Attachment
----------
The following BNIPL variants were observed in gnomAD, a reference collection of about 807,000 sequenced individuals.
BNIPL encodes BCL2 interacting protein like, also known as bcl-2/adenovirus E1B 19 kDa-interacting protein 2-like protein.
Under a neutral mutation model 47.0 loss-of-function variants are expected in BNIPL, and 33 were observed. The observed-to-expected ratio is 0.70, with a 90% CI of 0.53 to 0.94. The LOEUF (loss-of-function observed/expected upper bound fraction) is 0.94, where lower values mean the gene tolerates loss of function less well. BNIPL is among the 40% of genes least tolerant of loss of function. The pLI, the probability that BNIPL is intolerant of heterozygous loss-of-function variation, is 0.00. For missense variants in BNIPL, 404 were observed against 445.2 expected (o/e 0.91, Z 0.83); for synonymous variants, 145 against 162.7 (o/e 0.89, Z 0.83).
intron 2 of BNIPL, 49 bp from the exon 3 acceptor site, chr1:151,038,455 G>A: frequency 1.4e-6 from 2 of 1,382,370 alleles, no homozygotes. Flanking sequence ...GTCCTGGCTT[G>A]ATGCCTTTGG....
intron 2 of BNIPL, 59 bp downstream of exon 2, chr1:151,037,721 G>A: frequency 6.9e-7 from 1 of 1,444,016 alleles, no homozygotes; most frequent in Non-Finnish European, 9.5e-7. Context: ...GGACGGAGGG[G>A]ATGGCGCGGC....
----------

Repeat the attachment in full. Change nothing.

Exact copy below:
The following BNIPL variants were observed in gnomAD, a reference collection of about 807,000 sequenced individuals.
BNIPL encodes BCL2 interacting protein like, also known as bcl-2/adenovirus E1B 19 kDa-interacting protein 2-like protein.
Under a neutral mutation model 47.0 loss-of-function variants are expected in BNIPL, and 33 were observed. The observed-to-expected ratio is 0.70, with a 90% CI of 0.53 to 0.94. The LOEUF (loss-of-function observed/expected upper bound fraction) is 0.94, where lower values mean the gene tolerates loss of function less well. BNIPL is among the 40% of genes least tolerant of loss of function. The pLI, the probability that BNIPL is intolerant of heterozygous loss-of-function variation, is 0.00. For missense variants in BNIPL, 404 were observed against 445.2 expected (o/e 0.91, Z 0.83); for synonymous variants, 145 against 162.7 (o/e 0.89, Z 0.83).
intron 2 of BNIPL, 49 bp from the exon 3 acceptor site, chr1:151,038,455 G>A: frequency 1.4e-6 from 2 of 1,382,370 alleles, no homozygotes. Flanking sequence ...GTCCTGGCTT[G>A]ATGCCTTTGG....
intron 2 of BNIPL, 59 bp downstream of exon 2, chr1:151,037,721 G>A: frequency 6.9e-7 from 1 of 1,444,016 alleles, no homozygotes; most frequent in Non-Finnish European, 9.5e-7. Context: ...GGACGGAGGG[G>A]ATGGCGCGGC....